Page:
According to the Swedish Golf Federation (Svenska golfförbundet), around 50 clubs are facing financial hardship.
During the 1990s, golf course construction exploded in Sweden, as did golf club membership.
But something has happened in recent years, leading to several clubs filing for bankruptcy.
While many clubs find themselves struggling, several well-established clubs have been posting better results than ever.
Other clubs have been able to carve out unique niches, such as “mailbox clubs” which are often found out in the country far away from where its members actually live.
Such clubs rarely require an initiation fee and only charge annual membership dues of a few hundred kronor for the right to play on several different courses.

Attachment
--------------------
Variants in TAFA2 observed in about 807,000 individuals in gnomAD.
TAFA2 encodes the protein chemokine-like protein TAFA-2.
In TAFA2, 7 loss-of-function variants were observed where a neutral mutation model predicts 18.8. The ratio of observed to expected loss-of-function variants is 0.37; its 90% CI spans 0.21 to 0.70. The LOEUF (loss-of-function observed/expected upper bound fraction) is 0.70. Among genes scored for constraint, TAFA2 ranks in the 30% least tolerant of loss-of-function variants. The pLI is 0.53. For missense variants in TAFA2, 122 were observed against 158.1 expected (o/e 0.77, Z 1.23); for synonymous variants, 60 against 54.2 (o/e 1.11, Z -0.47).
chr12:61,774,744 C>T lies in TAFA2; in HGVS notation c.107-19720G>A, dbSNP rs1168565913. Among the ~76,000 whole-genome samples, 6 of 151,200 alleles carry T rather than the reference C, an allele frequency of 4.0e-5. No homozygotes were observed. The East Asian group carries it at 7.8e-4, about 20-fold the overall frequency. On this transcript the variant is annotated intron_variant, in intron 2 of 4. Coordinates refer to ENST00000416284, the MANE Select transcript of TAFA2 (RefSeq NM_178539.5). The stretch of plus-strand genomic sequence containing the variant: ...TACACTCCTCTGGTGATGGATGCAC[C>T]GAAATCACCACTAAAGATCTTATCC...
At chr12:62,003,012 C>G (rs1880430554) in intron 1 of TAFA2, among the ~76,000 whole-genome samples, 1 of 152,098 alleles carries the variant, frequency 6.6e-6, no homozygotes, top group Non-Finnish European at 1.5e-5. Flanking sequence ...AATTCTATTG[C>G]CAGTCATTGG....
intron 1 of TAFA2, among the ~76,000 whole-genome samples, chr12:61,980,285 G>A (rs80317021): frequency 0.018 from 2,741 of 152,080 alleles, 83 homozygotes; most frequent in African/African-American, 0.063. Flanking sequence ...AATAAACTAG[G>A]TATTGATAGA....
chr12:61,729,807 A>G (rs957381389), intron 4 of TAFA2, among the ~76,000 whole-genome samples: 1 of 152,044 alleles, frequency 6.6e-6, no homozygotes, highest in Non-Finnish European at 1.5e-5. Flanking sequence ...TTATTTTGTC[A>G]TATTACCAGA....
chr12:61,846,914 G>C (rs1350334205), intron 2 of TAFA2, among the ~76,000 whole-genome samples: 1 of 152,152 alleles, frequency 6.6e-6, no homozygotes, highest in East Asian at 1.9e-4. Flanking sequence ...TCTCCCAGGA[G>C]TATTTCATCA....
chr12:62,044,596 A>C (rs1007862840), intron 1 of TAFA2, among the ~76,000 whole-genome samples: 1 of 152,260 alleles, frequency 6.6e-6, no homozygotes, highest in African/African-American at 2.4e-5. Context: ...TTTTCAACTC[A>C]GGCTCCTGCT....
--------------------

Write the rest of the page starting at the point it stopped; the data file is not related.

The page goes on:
On the other end of the spectrum is the Bro Hof golf course north of Stockholm, where prospective members play 350,000 kronor ($50,000) for the right to hit the links.
Despite the bankruptcies and other financial difficulties, few courses are likely to be totally shut down.
“From what I understand, there are only two courses where activity will cease completely. One is up north and now they’re raising trees. I’m not sure what’s happened with the other, but I heard a rumour that they’ve decided to grow carrots,” said golf federation head Jan Ekblom to the TT news agency.